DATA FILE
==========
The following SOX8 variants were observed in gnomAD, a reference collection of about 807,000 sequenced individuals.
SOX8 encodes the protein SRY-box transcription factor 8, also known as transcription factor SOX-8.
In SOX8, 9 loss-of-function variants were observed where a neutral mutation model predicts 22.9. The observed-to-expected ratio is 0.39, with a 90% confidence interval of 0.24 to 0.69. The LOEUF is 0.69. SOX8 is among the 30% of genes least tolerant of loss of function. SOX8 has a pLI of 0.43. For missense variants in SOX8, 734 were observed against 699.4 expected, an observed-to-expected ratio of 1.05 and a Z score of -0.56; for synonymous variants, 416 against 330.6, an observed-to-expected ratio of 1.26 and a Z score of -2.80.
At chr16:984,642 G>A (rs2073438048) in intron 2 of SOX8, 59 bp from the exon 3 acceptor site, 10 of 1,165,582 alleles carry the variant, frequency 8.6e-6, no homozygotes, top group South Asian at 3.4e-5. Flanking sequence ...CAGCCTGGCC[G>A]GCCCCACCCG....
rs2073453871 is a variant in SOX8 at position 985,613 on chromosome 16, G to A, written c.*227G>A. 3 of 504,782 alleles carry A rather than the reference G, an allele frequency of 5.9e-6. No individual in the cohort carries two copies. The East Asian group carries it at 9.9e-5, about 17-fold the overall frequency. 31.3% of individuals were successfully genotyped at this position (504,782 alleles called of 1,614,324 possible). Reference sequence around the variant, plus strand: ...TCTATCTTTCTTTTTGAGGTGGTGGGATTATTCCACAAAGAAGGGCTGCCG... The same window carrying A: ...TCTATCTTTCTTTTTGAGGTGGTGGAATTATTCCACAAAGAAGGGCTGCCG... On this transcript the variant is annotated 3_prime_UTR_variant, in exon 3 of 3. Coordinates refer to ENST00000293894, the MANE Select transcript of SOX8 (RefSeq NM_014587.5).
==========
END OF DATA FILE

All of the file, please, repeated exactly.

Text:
The following SOX8 variants were observed in gnomAD, a reference collection of about 807,000 sequenced individuals.
SOX8 encodes the protein SRY-box transcription factor 8, also known as transcription factor SOX-8.
In SOX8, 9 loss-of-function variants were observed where a neutral mutation model predicts 22.9. The observed-to-expected ratio is 0.39, with a 90% confidence interval of 0.24 to 0.69. The LOEUF is 0.69. SOX8 is among the 30% of genes least tolerant of loss of function. SOX8 has a pLI of 0.43. For missense variants in SOX8, 734 were observed against 699.4 expected, an observed-to-expected ratio of 1.05 and a Z score of -0.56; for synonymous variants, 416 against 330.6, an observed-to-expected ratio of 1.26 and a Z score of -2.80.
At chr16:984,642 G>A (rs2073438048) in intron 2 of SOX8, 59 bp from the exon 3 acceptor site, 10 of 1,165,582 alleles carry the variant, frequency 8.6e-6, no homozygotes, top group South Asian at 3.4e-5. Flanking sequence ...CAGCCTGGCC[G>A]GCCCCACCCG....
rs2073453871 is a variant in SOX8 at position 985,613 on chromosome 16, G to A, written c.*227G>A. 3 of 504,782 alleles carry A rather than the reference G, an allele frequency of 5.9e-6. No individual in the cohort carries two copies. The East Asian group carries it at 9.9e-5, about 17-fold the overall frequency. 31.3% of individuals were successfully genotyped at this position (504,782 alleles called of 1,614,324 possible). Reference sequence around the variant, plus strand: ...TCTATCTTTCTTTTTGAGGTGGTGGGATTATTCCACAAAGAAGGGCTGCCG... The same window carrying A: ...TCTATCTTTCTTTTTGAGGTGGTGGAATTATTCCACAAAGAAGGGCTGCCG... On this transcript the variant is annotated 3_prime_UTR_variant, in exon 3 of 3. Coordinates refer to ENST00000293894, the MANE Select transcript of SOX8 (RefSeq NM_014587.5).